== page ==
The second “bad argument” circles about the idea of teleology. In biology, physiological characteristics are in general presumed to be functional-they have a purpose. Fodor’s example is that the heart functions to pump blood. If an organ did not serve a purpose, it would have been selected out by the relentless forces of the evolutionary process. However, Fodor argues, whereas evolutionary psychology looks outside the mind in order to address teleological constraints, physiologists do not need to: “Harvey didn’t have to look outside physiology to explain what the heart is for” (p. 86). Further, function is obvious even without Darwinian explanations in non-psychological arenas. “[T]he first guy to figure out what birds use their wings for lived in a cave” (p. 86).
The last “bad argument” identified by Fodor refers to the tendency of evolutionary psychologists to claim that because of its complexity, Darwinian natural selection is necessary to explain or account for the mind. According to Fodor, “[T]he complexity of our minds, or of our behavior, is simply irrelevant to the question of whether our cognitive architecture evolved under selection pressure” (p. 87).
At the end of this book the general reader might wonder again about the usefulness of Fodor’s sometimes elusive but always forcefully enunciated positions. But as noted in the first paragraph of this review, this work is more important than it might at seem at a casual thumbing-through, and deserves a careful reading even from - especially from - adherents and students of evolutionary psychology. Fodor’s challenges to EP should be taken seriously, and where relevant should be answered directly. For example, is massive modularity really central to evolutionary psychology? Is gradualism really necessary to support the hypothesis that mental processes, emotions, and human behavioral tendencies evolved via natural selection? Readers of this book will come away with a better grasp of the issues involved.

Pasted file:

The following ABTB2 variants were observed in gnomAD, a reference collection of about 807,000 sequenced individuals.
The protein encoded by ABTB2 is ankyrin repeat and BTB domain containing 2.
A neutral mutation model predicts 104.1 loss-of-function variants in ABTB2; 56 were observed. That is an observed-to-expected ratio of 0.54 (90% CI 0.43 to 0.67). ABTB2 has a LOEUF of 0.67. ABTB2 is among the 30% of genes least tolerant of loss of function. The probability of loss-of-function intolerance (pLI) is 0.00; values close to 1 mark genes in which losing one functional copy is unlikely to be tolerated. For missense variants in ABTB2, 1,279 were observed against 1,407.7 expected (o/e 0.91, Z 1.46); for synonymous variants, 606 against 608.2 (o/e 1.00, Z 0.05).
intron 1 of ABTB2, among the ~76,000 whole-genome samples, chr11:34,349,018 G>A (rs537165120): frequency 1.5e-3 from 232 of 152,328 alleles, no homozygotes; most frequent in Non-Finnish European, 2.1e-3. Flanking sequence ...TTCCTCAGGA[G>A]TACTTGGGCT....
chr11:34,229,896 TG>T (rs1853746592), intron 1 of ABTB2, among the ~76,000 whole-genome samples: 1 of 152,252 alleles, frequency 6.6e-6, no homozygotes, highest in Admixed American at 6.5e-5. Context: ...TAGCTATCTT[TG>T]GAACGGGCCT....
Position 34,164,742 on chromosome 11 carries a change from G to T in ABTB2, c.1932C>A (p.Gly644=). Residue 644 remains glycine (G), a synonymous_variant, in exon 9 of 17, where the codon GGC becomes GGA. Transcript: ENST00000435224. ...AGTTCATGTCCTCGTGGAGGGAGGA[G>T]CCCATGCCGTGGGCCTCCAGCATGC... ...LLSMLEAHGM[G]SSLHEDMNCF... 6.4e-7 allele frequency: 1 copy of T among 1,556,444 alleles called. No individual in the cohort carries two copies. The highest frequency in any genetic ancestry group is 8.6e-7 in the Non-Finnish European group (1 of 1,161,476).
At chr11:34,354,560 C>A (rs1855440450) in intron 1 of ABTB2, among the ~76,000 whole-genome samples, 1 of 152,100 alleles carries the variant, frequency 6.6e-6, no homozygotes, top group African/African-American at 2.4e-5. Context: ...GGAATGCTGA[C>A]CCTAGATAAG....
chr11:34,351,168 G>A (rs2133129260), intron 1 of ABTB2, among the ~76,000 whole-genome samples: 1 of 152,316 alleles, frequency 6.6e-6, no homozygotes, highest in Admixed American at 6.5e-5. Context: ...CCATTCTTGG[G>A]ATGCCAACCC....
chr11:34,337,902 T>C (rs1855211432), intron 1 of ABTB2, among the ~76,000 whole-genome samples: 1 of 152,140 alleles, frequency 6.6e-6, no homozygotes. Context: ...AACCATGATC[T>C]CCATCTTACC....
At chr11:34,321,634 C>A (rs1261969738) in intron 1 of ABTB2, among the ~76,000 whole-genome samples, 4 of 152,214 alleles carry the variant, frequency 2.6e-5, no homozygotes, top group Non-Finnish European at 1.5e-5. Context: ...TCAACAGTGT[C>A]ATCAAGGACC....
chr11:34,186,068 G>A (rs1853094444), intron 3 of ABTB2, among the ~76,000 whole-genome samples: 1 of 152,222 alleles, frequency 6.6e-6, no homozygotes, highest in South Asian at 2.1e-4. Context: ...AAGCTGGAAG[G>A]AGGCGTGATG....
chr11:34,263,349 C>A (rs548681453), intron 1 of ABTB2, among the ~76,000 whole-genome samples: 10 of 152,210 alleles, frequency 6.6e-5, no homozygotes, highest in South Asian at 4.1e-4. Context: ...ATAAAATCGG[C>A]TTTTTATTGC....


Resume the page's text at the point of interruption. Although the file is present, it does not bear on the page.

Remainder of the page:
1. The Elm and the Expert was based on lectures delivered by Fodor in Paris in the spring of 1993 as the flagship presentations for the Jean Nicod Lecture series. The Jean-Nicod Lecture Series is arranged by Le Centre National de la Recherche Scientifique (CNRS) and occurs in Paris. This series serves as an important forum for philosophers and scientists who deal with cognitive issues. Recent presenters have included John Perry, John Searle and, in 2001, Daniel Dennett.
2. As Fodor explains in the acknowledgements to this book, “In its first incarnation, this book was a series of three lectures presented in the summer of 1997 to the Facolta di Psicologia, Università San Raffaele.”
3. “The Trouble with Psychological Darwinism,” published in the London Review of Books, 15 Jan 98.
4. London Review of Books, 15 Jan 98.
5. A variety of definitions and discussions of abduction can currently be found at http://carbon.cudenver.edu/~mryder/itc_data/abduction.html.
6. Many of Peirce’s writing are currently available online at http://www.peirce.org/
7. Abduction is generative but not always appropriately so. An example of logically faulty but seemingly common abductive reasoning might go like this:
1. All crows in Londonderry are black.
2. These crows are black.
3. Therefore, these crows are from Londonderry.
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© Keith S. Harris.
Harris, K. S. (2002). Review of The Mind Doesn’t Work That Way: The Scope and Limits of Computational Psychology by Jerry Fodor. Human Nature Review. 2: 114-117.